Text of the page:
We are less than two months away from the election for the DNC chairmanship. This year, it has taken on an over-sized importance among American liberals. The front-runner is Minnesota Representative Keith Ellison. And you would think his election would be a sure thing. He’s been endorsed by Elizabeth Warren on the economic left and Chuck Schumer on the economic right. But the whole thing has unfortunately turned into a proxy war between Bernie Sanders and Hillary Clinton — as if we need to run the presidential primary all over again.
Jeff Stein wrote a very good overview of what’s going on, The DNC Race Has Become Another Fight Over Bernie Sanders When Dems Need It Least. As he indicates, the push to get Thomas Perez in the position shows how stupid this all is. The two men are pretty much identical ideologically. I certainly admire them both. But why is it that Ellison is not acceptable? The best example of this was how Ellison was unacceptable because the job should be full-time. But as soon as Keith Ellison said he would step down as Representative if elected, new reasons to be against him popped up. There’s clearly a more fundamental reason that Ellison is unacceptable — just not one that Democratic Party elites want to talk about openly.
Elites Don’t Like Keith Ellison
The truth is that political parties are the way that their elites want them to be. And those elites don’t want things to change. And this was always my biggest concern about Bernie Sanders winning the Democratic primary. I voted for him, of course. But I saw the complaints that Sanders supporters wouldn’t support Clinton as being more projection than anything else. That is to say: there were far more Clinton supporters who would never have voted for Sanders than their were Sanders voters who didn’t vote for Clinton.
We’ve seen this same kind of thing in the UK Labour Party. Jeremy Corbyn’s election as leader of the party has been met with extreme hostility. There is a huge part of the Labour Party elite that would rather see the Tories in power than Labour in power if it were led by Corbyn. And I think we would have seen the same thing with Bernie Sanders in the Democratic Party if he had won the primary.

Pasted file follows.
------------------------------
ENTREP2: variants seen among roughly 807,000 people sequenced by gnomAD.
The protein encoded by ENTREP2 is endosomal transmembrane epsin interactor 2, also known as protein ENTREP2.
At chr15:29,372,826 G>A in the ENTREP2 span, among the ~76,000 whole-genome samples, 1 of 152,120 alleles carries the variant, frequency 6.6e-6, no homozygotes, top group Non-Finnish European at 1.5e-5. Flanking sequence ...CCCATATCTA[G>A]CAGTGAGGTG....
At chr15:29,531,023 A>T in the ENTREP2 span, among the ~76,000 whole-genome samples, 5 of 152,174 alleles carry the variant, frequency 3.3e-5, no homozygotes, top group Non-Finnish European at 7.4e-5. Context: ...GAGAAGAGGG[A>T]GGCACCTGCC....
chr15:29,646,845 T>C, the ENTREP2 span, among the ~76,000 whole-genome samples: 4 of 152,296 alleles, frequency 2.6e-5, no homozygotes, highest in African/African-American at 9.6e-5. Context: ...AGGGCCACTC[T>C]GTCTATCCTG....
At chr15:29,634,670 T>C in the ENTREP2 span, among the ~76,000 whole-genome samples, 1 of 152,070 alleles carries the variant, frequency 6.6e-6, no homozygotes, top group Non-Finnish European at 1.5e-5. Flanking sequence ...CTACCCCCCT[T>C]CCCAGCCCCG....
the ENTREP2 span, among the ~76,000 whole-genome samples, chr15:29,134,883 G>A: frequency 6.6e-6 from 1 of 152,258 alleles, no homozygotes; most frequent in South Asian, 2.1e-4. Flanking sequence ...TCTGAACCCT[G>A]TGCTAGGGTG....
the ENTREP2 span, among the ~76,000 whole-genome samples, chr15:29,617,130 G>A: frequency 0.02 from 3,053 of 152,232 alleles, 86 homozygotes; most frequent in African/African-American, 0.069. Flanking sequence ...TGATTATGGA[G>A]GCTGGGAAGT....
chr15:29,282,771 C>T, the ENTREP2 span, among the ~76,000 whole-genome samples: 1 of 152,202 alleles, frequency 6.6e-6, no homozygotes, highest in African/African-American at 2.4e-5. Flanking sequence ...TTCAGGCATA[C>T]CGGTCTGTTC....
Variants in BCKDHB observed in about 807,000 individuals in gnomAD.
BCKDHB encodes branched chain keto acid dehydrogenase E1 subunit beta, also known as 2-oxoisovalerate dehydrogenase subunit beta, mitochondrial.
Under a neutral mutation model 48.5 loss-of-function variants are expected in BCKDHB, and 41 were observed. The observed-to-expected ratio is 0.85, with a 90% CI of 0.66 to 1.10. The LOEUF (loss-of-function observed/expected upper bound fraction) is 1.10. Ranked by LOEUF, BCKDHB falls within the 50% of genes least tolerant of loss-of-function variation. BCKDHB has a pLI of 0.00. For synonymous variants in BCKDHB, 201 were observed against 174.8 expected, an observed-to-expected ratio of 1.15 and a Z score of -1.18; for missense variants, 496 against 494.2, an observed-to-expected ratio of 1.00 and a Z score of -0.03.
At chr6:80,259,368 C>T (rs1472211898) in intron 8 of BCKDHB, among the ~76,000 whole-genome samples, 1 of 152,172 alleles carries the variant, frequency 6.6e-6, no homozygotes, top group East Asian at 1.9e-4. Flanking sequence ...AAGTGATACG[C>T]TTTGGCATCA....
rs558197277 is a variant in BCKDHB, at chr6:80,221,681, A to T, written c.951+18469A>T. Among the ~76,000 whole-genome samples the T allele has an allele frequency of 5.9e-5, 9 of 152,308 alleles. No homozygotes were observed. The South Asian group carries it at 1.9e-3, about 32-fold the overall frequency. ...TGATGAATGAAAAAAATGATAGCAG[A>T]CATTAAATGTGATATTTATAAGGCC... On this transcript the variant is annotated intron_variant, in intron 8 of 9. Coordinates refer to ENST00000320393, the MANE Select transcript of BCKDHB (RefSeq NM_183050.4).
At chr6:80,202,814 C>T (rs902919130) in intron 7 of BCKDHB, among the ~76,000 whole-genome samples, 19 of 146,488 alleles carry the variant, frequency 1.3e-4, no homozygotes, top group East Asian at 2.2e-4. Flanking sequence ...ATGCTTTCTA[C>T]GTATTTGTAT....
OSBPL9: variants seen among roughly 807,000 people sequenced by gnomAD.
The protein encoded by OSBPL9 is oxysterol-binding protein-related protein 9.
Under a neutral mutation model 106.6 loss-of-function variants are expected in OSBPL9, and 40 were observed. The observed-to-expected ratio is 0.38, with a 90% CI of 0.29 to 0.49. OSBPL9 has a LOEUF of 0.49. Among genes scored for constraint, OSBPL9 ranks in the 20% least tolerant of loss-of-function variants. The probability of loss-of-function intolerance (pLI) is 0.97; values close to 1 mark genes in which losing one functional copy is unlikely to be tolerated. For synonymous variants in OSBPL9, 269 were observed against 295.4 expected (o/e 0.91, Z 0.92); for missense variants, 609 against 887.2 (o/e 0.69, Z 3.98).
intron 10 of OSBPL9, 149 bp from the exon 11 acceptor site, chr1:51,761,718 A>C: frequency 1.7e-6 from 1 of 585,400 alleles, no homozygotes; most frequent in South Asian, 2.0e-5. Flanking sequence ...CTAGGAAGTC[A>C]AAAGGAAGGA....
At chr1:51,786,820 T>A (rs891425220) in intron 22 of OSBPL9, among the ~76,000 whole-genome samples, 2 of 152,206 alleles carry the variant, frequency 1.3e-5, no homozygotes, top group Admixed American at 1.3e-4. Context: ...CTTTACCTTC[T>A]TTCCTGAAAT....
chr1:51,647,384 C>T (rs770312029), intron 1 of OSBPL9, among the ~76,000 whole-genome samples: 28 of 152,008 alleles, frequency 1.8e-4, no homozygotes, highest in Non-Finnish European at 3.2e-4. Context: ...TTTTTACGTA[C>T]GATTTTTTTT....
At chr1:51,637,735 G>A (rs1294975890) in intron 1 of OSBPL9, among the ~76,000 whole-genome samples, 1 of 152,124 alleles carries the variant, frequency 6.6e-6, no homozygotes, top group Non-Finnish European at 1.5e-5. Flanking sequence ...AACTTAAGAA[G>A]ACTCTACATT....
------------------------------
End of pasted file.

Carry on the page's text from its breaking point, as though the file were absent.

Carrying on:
Trump and the Republicans Are Different
And note: this is not equivalent to Donald Trump and the Republican Party. In as much as the Republican elite was ever really against Trump, it was because he was seen as (1) personally offensive and (2) unelectable. The issue was never ideological. Yes, there was a little ideological heterodoxy at first. But as soon as Trump came out with his tax plan that was a huge giveaway to the rich, the Republicans knew they had nothing to fear from Trump. The issue with Corbyn and Sanders (And Keith Ellison!) is different. In each of these cases, the liberal party is afraid that it will have leaders that are ideologically in sync with their voters. That is to say: they are afraid that the liberal party will be run by actual liberals.
The Democratic Party Is Moving Forward — Regardless
It doesn’t matter to me if Ellison or Perez become DNC chair. Actually, I’d kind of like to see Perez in the position because I want them both fighting for us in high profile positions. But it’s clear that the push for Perez is not about that. The push for him is about telling the base of the party that it isn’t in charge. Yes, Perez is as liberal as Ellison, but the more conservative elites can ignore that. Allowing Keith Ellison to become chair would be an unmistakable indication that the Democratic Party has changed and that the New Democrats are dead, after doing so much damage to the nation and the party.
But like most fearful efforts to hang onto what little power you have, the anti-Ellison campaign will likely fail. I find it annoying that we are even having this fight. Part of being a liberal is believing in democracy. So there really shouldn’t be a big effort to stop the Democratic party from representing the base. But it’s okay. I think the Democratic Party will get to where it needs to go. Eventually. Despite the wishes of too many in the party elite who represent the past and not the present (much less the future).